While we're discussing scientific skepticism, what about evolution?

Let me state right from the start that evolution driven by natural selection makes a lot more sense than some magical spirit guy started it all and created all the animals and plants.

But what's seldom discussed is some of the amazing holes in the evolutionary evidence. We have ample fossils of some species and none of others. 

Case in point: We've all seen at least one chart showing the evolution of man, or of the horse. 

I dare you to find one showing the evolution of the cow. I've spent hours and hours on google image search and have nothing to show for it.

Another massive hole: the bat, quite possibly the most prolific type of mammal. Bats seem to have popped out of thin air. There is no record of a creature whose fingers gradually get longer and longer until they are long enough to support a wing made out of skin.

But these are far from the only creatures lacking transitional fossils. This critique of the Darwinian position by Dr. Duane Gish, a prominent creationist, raises a lot of very interesting questions. A quote:

The essence of the neo-Darwinian view is the slow gradual evolution of one plant or animal into another by the gradual accumulation of micromutations through natural selection of favored variants.

If this view of evolution is true, the fossil record should produce an enormous number of transitional forms. Natural history museums should be overflowing with undoubted intermediate forms. About 250,000 fossil species have been collected and classified. These fossils have been collected at random from rocks that are supposed to represent all of the geological periods of earth history. Applying evolution theory and the laws of probability, most of these 250,000 species should represent transitional forms. Thus, if evolution theory is true, there should be no doubt, question, or debate as to the fact of evolution.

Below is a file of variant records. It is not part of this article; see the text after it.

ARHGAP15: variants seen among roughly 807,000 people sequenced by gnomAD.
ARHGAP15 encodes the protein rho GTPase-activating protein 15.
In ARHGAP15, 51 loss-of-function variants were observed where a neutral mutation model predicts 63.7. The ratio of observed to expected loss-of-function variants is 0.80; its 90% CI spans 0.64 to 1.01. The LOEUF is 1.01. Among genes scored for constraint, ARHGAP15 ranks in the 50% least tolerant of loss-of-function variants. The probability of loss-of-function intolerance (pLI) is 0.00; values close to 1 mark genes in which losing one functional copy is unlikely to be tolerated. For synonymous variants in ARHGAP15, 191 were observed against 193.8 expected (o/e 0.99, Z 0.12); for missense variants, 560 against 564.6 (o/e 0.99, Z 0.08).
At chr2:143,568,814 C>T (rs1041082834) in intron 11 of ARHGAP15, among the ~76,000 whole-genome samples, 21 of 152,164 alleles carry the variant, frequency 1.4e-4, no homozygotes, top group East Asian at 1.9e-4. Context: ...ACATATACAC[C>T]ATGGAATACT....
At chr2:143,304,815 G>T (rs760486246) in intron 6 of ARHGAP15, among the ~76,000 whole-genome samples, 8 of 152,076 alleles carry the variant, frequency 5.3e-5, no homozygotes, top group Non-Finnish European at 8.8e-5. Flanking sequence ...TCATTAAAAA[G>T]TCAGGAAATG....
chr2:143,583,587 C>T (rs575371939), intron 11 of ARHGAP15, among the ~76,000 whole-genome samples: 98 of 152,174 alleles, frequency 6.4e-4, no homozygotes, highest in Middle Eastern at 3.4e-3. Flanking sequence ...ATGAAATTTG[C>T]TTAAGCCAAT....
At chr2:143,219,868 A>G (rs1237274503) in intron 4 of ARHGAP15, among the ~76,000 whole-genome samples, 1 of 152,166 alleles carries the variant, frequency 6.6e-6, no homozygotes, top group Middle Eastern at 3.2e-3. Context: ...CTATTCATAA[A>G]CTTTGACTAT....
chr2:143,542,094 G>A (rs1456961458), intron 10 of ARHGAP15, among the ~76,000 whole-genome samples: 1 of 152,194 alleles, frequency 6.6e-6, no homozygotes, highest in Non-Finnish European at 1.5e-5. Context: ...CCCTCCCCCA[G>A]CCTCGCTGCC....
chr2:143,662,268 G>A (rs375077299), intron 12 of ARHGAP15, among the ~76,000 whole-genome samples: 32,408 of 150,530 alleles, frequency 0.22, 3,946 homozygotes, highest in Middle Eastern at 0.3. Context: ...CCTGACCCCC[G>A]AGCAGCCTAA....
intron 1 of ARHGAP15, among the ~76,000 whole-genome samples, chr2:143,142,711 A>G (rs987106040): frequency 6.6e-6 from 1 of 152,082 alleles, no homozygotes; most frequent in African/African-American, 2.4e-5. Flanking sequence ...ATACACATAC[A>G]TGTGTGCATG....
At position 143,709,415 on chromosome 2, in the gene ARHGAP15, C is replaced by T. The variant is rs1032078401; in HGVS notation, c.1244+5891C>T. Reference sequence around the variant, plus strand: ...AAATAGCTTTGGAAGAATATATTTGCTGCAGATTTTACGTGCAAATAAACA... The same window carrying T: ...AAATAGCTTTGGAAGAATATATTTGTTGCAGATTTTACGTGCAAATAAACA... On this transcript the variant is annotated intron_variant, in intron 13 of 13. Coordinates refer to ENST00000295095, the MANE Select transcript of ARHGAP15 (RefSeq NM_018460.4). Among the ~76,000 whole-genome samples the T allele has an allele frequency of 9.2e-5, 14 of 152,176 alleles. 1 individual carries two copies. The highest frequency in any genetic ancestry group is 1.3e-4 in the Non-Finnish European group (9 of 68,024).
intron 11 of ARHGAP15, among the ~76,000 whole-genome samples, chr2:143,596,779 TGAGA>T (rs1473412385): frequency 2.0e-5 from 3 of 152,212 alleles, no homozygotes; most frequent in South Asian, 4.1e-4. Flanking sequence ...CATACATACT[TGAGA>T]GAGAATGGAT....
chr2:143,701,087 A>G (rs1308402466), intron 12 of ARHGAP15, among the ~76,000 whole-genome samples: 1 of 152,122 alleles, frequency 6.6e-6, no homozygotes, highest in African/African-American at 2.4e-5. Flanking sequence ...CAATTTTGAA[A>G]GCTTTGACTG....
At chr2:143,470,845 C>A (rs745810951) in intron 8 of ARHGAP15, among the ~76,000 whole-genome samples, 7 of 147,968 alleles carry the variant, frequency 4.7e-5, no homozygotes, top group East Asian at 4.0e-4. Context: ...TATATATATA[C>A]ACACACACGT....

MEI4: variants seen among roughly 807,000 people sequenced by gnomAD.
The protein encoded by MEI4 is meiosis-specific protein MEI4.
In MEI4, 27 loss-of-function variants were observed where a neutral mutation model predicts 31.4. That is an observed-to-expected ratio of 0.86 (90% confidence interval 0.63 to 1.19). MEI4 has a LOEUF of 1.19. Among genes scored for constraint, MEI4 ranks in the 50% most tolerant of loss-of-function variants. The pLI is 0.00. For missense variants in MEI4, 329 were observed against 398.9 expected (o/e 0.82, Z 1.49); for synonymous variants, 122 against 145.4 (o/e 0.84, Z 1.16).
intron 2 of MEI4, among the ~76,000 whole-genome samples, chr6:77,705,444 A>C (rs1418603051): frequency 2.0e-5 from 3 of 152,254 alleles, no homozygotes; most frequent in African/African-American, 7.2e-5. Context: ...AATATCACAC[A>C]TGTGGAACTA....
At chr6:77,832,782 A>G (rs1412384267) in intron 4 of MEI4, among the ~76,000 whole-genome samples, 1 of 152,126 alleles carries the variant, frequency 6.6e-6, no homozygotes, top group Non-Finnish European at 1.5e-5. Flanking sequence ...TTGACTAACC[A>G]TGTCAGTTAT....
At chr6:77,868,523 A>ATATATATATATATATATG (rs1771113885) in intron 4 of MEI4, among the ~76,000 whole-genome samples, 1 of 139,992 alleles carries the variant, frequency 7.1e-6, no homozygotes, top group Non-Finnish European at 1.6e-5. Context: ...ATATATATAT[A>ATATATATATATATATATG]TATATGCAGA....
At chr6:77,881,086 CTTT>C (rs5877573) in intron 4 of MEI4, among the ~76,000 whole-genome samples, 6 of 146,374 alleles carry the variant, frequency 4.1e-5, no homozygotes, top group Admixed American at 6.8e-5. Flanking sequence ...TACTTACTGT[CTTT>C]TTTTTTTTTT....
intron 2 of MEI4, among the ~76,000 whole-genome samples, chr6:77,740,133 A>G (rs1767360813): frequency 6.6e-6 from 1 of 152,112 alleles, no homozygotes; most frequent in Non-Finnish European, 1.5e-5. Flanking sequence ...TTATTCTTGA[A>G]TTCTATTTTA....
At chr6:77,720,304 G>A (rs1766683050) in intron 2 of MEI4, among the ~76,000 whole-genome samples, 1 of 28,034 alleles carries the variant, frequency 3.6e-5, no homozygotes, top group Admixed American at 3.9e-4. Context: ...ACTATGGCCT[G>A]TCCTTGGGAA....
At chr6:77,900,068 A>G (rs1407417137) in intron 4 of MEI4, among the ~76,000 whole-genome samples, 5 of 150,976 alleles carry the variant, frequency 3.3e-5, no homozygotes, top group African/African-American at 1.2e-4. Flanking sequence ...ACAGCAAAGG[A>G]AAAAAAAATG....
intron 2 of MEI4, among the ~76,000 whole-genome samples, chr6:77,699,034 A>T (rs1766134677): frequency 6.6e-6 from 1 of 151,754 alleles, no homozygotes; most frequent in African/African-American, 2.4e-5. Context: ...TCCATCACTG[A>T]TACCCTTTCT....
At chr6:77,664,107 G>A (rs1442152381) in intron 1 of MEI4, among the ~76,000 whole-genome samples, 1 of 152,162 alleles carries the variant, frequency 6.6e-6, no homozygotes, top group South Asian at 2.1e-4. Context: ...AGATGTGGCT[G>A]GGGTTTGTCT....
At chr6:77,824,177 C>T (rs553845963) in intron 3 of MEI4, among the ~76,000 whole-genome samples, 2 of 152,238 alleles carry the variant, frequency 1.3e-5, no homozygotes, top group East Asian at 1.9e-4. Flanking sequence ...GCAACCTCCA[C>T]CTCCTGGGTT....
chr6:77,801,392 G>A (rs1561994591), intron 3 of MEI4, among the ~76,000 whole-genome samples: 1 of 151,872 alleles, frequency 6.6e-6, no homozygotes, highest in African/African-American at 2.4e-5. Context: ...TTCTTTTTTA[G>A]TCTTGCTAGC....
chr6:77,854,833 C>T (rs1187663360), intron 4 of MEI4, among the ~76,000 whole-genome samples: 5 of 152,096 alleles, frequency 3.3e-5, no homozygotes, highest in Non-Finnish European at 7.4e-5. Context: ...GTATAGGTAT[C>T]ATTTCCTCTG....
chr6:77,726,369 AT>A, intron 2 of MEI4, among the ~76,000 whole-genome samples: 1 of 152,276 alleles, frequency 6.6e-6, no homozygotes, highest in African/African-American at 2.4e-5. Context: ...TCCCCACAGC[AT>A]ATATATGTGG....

Such is not the case at all, however. The fossil record was actually an embarrassment to Darwin, and some paleontologists are willing to admit that it looks even worse from an evolutionary point of view today than it did in Darwin's time.1 Some even appear to admit that there is, in fact, little, if any, evidence for transitional forms in the fossil record. Kitts, for example, states, "Despite the bright promise that paleontology provides a means of 'seeing' evolution, it has presented some nasty difficulties for evolutionists, the most notorious of which is the presence of 'gaps' in the fossil record. Evolution requires intermediate forms between species and paleontology does not provide them." More and more paleontologists seem to be coming to the point where they are now willing to admit that this is indeed the case, and are seeking to devise a mechanism for evolution that will tolerate, even predict, systematic gaps in the fossil record.

Other evolutionists remain steadfastly wedded to neo-Darwinism. They argue that there are examples of transitional forms in the fossil record, and that even if examples of gradual change are few, these few examples eliminate the necessity of seeking mechanisms for evolution other than neo-Darwinism. The examples most often cited are the reptile-to-bird transition (Archaeopteryx is the sole suggested intermediate), the so-called horse series, and the reptile-mammal transition.

Of the latter, Olson has said "The reptilian-mammalian transition has by far the finest record of showing the origin of a new class."2 Others claim that there are forms that stand perfectly on the reptilian-mammalian boundary. In an "Impact" article to be published soon, we will examine in some detail the "mammal-like" reptiles that some paleontologists believe represent transitional forms between reptiles and mammals. In the present article we wish to review the general nature of the evidence related to the origin of mammals.